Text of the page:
The American Butter Institute, a trade association in Arlington, Va., that represents roughly 90 percent of the nation's butter producers, recently launched a marketing campaign on social media called "Go Bold with Butter." The group sees young Americans raised on the Food Network as key to the industry's continued success.

"They're just starting to cook and bake with butter," Riemersma said.

The growing popularity of the ingredient also coincides with more understanding about the health hazards of its processed counterparts.

Trans fats are vegetable oils that have been blended with hydrogen to boost shelf life and reproduce the qualities of butter or lard. But research shows the ingredient raises levels of LDL cholesterol, also known as bad cholesterol. Trans fats consumption impairs levels of the better HDL cholesterol, which helps prevent heart disease.

The Food and Drug Administration proposed new rules in November that would all but ban the artery-clogging processed fats. Some producers of butter-like spreads have already adapted. Unilever, the maker of Country Crock margarine, eliminated trans fats from its products in 2012.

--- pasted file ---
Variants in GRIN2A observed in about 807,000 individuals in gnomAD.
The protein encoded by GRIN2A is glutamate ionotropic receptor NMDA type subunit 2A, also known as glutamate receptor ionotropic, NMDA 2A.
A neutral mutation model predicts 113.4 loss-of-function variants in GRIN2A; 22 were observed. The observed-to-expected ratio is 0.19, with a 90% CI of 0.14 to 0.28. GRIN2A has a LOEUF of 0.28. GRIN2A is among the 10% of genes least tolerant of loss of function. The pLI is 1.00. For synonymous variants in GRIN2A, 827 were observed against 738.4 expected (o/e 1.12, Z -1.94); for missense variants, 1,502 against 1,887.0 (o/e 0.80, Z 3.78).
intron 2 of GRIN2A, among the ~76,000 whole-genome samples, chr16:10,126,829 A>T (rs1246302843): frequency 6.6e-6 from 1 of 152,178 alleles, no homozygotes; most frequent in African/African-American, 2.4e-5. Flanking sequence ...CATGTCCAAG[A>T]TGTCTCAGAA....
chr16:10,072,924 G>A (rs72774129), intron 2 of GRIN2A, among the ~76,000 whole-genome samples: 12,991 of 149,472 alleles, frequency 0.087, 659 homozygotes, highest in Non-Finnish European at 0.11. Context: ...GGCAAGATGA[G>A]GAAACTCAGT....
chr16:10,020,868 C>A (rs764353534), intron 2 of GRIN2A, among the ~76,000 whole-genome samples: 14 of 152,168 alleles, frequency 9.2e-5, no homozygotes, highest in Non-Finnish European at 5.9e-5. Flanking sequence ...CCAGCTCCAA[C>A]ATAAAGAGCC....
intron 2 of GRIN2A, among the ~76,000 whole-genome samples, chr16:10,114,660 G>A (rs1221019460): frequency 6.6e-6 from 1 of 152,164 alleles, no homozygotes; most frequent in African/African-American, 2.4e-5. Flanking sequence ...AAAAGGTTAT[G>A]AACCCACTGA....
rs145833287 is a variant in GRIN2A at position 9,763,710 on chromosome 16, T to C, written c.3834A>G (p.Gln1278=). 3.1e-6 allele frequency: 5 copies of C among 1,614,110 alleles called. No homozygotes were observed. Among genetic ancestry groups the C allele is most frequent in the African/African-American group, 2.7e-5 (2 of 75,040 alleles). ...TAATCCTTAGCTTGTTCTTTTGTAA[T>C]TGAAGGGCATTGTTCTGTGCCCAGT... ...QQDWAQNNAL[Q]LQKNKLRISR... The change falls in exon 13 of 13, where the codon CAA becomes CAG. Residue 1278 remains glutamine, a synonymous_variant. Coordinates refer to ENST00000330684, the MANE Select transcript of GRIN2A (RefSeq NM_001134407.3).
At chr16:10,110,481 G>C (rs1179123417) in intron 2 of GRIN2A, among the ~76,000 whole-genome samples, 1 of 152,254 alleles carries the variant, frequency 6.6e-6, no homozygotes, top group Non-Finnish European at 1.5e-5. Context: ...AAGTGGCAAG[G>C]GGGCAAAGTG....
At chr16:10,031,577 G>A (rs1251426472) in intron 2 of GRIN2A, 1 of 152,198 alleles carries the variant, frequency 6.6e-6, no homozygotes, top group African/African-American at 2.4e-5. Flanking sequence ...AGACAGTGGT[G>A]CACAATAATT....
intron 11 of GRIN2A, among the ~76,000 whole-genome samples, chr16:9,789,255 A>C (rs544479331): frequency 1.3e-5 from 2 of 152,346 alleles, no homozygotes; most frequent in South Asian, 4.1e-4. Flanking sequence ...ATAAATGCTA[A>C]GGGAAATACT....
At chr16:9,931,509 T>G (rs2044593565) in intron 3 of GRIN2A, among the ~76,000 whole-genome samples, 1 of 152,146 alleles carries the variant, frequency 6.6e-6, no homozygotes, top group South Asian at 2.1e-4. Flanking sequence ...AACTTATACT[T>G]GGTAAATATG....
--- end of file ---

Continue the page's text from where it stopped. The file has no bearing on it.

Still, even healthier margarine will struggle to stand out in a nation increasingly captivated by foodie culture. Butter has become a symbol of America's growing appreciation of authentic cooking and its fascination with gluttony.

Consumers now represent a faster-growing category for butter sales than food manufacturers, which are working hard to take advantage of that demand by labeling their cookies and frozen pies as "made with real butter."